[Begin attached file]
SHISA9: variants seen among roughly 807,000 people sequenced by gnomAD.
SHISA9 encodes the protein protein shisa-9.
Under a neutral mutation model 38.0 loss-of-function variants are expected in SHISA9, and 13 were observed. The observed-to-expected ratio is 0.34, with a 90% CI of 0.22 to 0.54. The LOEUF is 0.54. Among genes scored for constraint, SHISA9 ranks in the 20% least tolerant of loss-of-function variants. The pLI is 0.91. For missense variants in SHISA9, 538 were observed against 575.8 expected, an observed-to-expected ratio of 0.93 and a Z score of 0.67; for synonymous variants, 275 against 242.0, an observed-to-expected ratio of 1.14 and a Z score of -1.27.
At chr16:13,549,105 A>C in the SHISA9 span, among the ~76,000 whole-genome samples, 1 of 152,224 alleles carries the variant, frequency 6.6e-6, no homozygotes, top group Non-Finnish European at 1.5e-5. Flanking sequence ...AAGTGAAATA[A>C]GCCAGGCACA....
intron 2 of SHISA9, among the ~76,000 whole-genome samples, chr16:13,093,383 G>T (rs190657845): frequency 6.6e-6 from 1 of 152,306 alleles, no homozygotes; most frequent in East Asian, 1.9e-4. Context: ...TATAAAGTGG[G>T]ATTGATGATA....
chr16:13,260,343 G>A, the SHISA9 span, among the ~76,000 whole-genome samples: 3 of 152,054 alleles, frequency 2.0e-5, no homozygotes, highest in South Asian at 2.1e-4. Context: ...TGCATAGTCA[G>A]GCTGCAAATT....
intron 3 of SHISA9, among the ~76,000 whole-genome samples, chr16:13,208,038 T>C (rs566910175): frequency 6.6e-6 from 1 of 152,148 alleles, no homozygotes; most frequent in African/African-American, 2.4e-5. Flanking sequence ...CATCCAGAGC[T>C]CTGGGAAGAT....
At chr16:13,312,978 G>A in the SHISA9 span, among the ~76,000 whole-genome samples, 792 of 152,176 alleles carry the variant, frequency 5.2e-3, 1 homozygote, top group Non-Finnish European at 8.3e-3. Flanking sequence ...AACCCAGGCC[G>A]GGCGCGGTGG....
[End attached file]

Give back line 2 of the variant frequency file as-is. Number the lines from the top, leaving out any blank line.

SHISA9 encodes the protein protein shisa-9.